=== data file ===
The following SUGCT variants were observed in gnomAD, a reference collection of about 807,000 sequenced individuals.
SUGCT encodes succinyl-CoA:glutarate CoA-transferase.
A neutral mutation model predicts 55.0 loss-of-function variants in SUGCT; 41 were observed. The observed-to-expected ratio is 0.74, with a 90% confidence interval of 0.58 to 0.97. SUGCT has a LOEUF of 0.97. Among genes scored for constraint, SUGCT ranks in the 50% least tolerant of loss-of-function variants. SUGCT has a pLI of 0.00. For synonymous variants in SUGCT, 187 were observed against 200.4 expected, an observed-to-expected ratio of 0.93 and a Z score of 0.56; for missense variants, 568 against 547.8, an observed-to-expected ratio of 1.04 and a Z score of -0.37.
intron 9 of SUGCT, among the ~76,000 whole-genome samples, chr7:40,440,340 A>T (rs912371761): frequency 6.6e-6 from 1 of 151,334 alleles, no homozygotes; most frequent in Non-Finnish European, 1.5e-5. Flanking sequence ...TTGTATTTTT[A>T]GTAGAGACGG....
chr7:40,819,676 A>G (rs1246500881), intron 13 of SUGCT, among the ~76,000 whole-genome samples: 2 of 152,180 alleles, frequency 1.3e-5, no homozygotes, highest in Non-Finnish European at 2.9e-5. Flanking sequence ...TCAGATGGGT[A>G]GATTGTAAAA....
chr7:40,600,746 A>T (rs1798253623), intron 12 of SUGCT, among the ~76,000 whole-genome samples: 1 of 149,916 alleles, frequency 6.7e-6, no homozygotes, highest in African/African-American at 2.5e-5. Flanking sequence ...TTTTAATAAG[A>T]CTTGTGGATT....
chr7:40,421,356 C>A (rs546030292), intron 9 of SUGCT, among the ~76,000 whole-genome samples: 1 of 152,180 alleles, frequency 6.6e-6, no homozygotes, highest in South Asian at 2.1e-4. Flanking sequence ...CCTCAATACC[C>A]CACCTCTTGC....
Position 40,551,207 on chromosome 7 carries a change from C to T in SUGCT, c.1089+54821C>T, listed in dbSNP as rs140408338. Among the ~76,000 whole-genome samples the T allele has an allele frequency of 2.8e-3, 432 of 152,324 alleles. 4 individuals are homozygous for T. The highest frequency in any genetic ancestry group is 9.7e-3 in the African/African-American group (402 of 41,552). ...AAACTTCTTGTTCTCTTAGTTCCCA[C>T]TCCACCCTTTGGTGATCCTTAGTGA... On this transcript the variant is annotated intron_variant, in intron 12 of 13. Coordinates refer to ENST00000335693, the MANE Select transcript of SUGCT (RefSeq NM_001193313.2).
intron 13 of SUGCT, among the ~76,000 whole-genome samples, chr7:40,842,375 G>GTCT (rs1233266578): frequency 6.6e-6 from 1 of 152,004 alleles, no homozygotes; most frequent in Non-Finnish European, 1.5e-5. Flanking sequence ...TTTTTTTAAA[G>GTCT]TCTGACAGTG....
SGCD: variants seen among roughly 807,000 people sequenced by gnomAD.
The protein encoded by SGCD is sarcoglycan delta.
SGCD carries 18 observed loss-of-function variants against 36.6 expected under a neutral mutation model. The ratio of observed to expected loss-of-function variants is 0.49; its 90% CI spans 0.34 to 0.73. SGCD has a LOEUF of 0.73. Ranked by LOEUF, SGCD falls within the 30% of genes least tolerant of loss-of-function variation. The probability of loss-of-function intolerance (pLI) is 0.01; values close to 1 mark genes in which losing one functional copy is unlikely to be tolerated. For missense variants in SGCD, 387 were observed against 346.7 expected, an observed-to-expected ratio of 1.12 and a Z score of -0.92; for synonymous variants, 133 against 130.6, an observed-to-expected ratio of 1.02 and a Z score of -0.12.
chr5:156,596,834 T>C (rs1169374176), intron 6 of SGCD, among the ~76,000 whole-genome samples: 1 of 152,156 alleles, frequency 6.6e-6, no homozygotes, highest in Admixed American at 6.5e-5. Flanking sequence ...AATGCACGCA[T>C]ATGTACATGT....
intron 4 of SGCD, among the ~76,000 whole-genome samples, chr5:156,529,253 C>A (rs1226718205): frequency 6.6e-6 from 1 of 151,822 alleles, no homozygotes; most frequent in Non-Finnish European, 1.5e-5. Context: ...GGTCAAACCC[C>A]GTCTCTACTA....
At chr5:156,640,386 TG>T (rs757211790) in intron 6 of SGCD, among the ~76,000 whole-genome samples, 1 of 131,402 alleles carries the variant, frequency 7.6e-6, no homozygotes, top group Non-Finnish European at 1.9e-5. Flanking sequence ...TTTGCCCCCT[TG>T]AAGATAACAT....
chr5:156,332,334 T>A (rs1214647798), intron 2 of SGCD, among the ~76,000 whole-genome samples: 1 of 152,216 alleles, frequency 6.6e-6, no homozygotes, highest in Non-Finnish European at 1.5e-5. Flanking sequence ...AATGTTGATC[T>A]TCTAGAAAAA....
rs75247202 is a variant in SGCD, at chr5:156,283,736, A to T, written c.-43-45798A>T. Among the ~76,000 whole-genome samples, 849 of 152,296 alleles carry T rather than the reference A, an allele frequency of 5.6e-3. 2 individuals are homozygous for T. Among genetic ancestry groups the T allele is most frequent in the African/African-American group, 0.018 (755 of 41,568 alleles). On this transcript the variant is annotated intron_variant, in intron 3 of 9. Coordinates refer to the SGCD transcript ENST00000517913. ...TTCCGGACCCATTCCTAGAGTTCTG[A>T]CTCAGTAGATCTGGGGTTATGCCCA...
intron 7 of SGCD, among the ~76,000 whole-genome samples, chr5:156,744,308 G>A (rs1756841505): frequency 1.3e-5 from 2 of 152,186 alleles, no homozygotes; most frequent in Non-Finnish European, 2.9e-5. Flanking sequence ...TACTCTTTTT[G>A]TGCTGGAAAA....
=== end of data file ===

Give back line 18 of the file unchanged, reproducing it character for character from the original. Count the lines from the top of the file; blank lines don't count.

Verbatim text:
intron 7 of SGCD, among the ~76,000 whole-genome samples, chr5:156,744,308 G>A (rs1756841505): frequency 1.3e-5 from 2 of 152,186 alleles, no homozygotes; most frequent in Non-Finnish European, 2.9e-5. Flanking sequence ...TACTCTTTTT[G>A]TGCTGGAAAA....